In late March down in Fort Smith I crossed paths with Roger Beck.  Roger is a hunter and dog musher from the large Beck clan of Yellowknife, Fort Resolution, and Hay River.  We met in 1985 when we were both racing dogteams on the northern circuit – Roger pretty successfully, as I recall; me trailing in at the rear of the pack, just learning and having fun. In March we were both working on a moose survey. He was an observer in the Cessna 185, and I was flying our Aviat Husky, with a biologist in the rear seat.  The day we talked, he had spent eight hours or so around a campfire at 30 below zero, after the pilot of the Cessna had made a precautionary ski landing 40 miles east of Fort Res. When word of that came to my observer and I, we returned to the airport and I ferried a mechanic up there to have a look at the engine.  It needed a part replaced, and the moose-survey crew would have the next day off, so Roger was headed back home that night. He and his wife were pulling out of the motel parking lot and he stopped and rolled his window down. “You remember Dave?” he asked her, “He stays at Hoarfrost River.”  I don’t think she did remember me, but we nodded and smiled at each other. As they drove away, it was Roger’s phrasing that got me thinking.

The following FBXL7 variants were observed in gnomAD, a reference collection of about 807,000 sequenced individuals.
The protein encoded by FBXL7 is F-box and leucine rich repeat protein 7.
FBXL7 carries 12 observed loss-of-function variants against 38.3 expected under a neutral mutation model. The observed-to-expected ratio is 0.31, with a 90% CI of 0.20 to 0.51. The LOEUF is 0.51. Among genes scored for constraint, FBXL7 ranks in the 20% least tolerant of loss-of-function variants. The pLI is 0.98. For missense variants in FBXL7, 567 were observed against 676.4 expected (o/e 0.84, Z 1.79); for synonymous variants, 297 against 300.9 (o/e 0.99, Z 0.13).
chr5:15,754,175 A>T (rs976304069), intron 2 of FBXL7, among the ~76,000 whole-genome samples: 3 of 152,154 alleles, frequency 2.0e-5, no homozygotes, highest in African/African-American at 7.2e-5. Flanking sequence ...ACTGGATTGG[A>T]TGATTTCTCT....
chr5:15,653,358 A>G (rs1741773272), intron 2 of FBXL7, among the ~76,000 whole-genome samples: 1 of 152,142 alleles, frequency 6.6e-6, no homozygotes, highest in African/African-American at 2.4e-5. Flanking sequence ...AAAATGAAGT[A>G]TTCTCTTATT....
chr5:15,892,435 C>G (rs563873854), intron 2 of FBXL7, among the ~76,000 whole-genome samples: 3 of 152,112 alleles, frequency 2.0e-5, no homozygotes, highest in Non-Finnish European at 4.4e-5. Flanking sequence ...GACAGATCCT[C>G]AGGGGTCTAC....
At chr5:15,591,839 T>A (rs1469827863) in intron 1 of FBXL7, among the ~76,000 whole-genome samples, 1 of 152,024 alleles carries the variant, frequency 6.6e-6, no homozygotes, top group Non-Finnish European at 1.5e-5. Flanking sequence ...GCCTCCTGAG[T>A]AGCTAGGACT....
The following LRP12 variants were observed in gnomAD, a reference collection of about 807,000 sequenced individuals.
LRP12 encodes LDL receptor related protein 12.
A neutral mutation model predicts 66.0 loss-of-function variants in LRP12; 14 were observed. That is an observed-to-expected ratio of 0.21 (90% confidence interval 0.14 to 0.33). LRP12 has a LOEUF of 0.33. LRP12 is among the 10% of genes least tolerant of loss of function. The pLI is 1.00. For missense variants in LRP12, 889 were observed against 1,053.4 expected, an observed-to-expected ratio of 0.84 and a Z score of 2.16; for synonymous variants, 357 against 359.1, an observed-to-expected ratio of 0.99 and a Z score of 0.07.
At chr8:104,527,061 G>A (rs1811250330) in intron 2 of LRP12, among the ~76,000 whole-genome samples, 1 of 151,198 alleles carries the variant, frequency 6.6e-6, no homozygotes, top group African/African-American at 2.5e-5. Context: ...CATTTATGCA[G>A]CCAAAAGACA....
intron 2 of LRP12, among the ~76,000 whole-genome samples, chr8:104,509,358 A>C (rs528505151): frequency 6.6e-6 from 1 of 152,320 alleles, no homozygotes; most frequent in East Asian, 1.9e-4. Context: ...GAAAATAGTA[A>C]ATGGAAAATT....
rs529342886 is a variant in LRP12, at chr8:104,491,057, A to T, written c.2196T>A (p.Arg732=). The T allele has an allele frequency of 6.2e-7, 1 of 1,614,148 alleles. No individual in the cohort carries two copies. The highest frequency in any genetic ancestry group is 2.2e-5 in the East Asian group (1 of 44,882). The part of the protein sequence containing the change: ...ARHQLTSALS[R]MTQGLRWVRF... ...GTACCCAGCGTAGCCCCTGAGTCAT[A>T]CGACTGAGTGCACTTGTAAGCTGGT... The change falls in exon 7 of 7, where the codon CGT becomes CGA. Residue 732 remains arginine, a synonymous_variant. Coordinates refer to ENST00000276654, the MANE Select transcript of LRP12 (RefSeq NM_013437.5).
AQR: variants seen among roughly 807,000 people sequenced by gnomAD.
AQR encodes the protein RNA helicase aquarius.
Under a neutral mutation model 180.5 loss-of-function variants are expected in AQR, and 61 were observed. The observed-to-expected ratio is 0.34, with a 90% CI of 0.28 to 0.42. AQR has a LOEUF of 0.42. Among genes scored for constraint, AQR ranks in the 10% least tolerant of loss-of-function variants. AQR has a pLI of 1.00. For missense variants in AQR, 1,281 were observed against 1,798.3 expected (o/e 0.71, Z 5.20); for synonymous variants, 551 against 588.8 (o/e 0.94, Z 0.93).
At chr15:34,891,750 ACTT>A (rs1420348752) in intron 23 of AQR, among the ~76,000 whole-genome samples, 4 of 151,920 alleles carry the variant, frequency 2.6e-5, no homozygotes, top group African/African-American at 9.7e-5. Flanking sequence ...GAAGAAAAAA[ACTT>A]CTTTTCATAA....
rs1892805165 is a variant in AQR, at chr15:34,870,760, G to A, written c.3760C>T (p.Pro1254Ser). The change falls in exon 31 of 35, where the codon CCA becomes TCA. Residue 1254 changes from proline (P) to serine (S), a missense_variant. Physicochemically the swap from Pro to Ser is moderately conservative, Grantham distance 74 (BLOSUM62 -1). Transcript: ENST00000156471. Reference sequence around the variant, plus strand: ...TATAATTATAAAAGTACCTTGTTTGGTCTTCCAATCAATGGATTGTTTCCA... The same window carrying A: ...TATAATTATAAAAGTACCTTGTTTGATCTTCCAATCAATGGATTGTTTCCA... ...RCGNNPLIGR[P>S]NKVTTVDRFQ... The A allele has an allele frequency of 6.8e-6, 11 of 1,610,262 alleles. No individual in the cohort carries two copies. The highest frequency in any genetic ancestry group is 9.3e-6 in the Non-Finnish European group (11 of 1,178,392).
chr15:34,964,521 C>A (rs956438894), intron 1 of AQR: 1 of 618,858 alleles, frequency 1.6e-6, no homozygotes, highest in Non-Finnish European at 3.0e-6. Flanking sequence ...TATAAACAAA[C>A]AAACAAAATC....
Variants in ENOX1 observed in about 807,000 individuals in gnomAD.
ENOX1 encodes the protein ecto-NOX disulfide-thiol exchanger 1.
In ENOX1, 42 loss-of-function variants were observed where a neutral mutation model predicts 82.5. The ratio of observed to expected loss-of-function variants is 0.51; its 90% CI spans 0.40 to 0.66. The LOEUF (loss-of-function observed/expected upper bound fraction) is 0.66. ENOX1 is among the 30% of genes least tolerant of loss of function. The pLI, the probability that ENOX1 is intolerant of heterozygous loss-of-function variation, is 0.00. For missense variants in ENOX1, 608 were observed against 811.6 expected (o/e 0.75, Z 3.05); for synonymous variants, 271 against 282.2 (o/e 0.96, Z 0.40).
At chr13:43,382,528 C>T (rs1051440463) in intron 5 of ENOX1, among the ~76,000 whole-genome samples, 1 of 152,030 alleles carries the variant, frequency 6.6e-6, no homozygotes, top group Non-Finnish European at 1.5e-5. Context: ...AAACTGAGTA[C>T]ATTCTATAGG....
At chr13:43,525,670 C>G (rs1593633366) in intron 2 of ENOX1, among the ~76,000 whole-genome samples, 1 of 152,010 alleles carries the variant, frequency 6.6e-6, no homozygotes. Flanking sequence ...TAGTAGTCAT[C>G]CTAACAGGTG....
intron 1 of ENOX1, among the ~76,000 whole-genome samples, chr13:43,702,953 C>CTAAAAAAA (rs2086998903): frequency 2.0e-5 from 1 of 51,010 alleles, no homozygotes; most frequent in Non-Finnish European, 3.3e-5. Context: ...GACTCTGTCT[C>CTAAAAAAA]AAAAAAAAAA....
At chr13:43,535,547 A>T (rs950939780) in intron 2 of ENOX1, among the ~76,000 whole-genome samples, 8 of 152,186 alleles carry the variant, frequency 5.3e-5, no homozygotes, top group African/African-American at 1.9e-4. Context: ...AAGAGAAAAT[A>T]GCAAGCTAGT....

Over the years we have wondered from time to time how to succinctly refer to our place and our life out here. “Where we stay” has been a difficult place to sum up in a single word, especially as our lives and the spread of cabins, buildings, and efforts have evolved and expanded. In lighter moments I coined “Hoarfrost River Home for the Chronically Bewildered,” along with a few other off-beat labels.